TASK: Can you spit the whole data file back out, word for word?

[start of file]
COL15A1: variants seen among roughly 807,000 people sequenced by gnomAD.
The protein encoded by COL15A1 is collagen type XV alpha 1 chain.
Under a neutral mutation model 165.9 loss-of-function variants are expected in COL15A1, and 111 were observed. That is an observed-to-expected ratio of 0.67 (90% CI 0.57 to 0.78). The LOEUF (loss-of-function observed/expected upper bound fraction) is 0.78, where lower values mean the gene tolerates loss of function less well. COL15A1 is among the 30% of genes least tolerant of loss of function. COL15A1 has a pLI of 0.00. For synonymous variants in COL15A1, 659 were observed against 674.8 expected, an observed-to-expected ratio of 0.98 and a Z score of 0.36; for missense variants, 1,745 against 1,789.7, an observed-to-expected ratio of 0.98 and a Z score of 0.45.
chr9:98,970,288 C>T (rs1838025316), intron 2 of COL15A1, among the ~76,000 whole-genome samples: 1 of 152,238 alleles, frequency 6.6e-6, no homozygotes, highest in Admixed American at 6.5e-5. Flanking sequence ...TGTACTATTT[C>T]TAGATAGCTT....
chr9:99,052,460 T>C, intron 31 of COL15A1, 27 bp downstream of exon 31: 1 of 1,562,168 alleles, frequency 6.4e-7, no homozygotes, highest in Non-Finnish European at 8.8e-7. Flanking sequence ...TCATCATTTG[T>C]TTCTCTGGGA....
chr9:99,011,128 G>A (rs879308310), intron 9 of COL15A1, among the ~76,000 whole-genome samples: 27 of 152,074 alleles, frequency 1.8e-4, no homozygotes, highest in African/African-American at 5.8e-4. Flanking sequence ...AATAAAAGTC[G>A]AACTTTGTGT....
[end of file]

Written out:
COL15A1: variants seen among roughly 807,000 people sequenced by gnomAD.
The protein encoded by COL15A1 is collagen type XV alpha 1 chain.
Under a neutral mutation model 165.9 loss-of-function variants are expected in COL15A1, and 111 were observed. That is an observed-to-expected ratio of 0.67 (90% CI 0.57 to 0.78). The LOEUF (loss-of-function observed/expected upper bound fraction) is 0.78, where lower values mean the gene tolerates loss of function less well. COL15A1 is among the 30% of genes least tolerant of loss of function. COL15A1 has a pLI of 0.00. For synonymous variants in COL15A1, 659 were observed against 674.8 expected, an observed-to-expected ratio of 0.98 and a Z score of 0.36; for missense variants, 1,745 against 1,789.7, an observed-to-expected ratio of 0.98 and a Z score of 0.45.
chr9:98,970,288 C>T (rs1838025316), intron 2 of COL15A1, among the ~76,000 whole-genome samples: 1 of 152,238 alleles, frequency 6.6e-6, no homozygotes, highest in Admixed American at 6.5e-5. Flanking sequence ...TGTACTATTT[C>T]TAGATAGCTT....
chr9:99,052,460 T>C, intron 31 of COL15A1, 27 bp downstream of exon 31: 1 of 1,562,168 alleles, frequency 6.4e-7, no homozygotes, highest in Non-Finnish European at 8.8e-7. Flanking sequence ...TCATCATTTG[T>C]TTCTCTGGGA....
chr9:99,011,128 G>A (rs879308310), intron 9 of COL15A1, among the ~76,000 whole-genome samples: 27 of 152,074 alleles, frequency 1.8e-4, no homozygotes, highest in African/African-American at 5.8e-4. Flanking sequence ...AATAAAAGTC[G>A]AACTTTGTGT....